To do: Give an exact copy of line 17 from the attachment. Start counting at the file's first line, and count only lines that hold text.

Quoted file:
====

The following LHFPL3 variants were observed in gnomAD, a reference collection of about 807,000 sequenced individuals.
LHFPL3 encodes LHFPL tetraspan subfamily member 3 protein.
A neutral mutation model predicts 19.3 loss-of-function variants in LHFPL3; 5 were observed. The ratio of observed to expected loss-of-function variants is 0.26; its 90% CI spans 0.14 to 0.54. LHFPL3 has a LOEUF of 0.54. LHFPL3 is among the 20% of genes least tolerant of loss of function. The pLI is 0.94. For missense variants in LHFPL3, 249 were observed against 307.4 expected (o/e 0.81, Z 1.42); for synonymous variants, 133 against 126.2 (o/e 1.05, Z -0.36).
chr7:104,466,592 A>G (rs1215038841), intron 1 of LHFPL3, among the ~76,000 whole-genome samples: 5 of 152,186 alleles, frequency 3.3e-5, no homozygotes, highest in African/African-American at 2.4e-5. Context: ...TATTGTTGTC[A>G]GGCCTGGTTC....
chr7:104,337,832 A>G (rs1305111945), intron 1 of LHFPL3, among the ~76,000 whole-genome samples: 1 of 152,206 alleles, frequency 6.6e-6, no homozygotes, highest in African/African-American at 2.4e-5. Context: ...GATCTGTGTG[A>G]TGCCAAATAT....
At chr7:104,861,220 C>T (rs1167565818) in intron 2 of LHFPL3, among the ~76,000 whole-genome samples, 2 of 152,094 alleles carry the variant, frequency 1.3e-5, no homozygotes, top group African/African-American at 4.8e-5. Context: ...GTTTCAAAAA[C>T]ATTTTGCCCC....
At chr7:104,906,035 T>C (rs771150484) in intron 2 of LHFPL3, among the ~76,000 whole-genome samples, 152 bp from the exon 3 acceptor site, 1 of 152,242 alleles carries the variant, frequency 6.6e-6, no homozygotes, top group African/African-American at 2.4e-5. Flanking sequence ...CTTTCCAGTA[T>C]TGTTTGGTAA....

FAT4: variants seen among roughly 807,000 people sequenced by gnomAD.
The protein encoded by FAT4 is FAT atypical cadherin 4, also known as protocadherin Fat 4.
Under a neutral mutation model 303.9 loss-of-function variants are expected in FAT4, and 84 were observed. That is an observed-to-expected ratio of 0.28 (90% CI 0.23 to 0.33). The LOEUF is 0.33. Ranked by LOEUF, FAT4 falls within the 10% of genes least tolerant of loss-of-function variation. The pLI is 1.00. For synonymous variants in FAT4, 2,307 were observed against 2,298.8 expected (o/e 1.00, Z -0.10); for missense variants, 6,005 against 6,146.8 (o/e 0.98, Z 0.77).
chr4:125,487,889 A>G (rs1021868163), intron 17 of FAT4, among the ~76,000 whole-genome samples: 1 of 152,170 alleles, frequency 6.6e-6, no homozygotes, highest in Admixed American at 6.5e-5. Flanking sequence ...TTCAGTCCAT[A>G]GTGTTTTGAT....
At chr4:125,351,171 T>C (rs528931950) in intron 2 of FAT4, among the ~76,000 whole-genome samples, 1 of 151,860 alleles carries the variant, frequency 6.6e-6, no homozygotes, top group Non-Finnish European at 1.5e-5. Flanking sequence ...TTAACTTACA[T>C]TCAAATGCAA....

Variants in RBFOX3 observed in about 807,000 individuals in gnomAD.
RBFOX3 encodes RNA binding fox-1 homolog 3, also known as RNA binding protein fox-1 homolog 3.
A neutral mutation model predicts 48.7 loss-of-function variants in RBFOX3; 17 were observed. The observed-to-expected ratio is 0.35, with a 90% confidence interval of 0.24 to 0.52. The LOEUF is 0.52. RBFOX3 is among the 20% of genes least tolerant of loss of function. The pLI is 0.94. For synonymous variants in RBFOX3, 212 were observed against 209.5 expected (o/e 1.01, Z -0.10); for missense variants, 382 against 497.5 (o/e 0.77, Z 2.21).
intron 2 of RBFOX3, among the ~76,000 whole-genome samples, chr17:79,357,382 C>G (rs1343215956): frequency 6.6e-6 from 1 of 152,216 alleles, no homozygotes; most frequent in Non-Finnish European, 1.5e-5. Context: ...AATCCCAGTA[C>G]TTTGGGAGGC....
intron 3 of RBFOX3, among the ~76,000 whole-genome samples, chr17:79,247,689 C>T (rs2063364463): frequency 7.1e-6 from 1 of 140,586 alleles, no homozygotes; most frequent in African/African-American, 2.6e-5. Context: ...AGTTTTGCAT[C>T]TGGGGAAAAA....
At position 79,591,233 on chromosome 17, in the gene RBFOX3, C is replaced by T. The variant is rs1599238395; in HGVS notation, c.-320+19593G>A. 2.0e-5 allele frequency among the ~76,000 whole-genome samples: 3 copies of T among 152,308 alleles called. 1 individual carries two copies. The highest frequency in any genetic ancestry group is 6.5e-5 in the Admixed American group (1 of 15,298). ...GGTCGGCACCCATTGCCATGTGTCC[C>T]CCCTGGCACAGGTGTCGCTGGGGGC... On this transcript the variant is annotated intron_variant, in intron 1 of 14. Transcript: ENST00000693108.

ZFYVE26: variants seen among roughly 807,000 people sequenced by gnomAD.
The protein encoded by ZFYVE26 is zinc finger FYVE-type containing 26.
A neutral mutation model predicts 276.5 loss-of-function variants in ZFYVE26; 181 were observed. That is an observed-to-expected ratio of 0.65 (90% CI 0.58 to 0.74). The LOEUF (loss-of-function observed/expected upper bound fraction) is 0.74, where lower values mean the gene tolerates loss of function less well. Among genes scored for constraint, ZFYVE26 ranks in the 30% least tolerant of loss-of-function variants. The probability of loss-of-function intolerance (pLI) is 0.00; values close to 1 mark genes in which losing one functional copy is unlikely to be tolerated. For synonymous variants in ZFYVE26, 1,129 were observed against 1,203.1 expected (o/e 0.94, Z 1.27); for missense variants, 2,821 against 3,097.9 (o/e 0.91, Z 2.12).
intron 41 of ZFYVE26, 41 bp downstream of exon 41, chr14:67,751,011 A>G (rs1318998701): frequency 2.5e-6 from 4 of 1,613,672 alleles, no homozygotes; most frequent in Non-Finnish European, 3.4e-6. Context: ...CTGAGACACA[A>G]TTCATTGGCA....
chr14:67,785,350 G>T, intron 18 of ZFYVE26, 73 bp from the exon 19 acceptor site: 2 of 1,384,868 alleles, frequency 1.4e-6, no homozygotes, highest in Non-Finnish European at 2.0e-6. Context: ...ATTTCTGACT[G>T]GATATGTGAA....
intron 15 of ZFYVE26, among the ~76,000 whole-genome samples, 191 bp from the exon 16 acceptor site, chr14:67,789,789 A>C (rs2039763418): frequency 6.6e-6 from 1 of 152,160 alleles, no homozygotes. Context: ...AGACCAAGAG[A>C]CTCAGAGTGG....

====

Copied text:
intron 3 of RBFOX3, among the ~76,000 whole-genome samples, chr17:79,247,689 C>T (rs2063364463): frequency 7.1e-6 from 1 of 140,586 alleles, no homozygotes; most frequent in African/African-American, 2.6e-5. Context: ...AGTTTTGCAT[C>T]TGGGGAAAAA....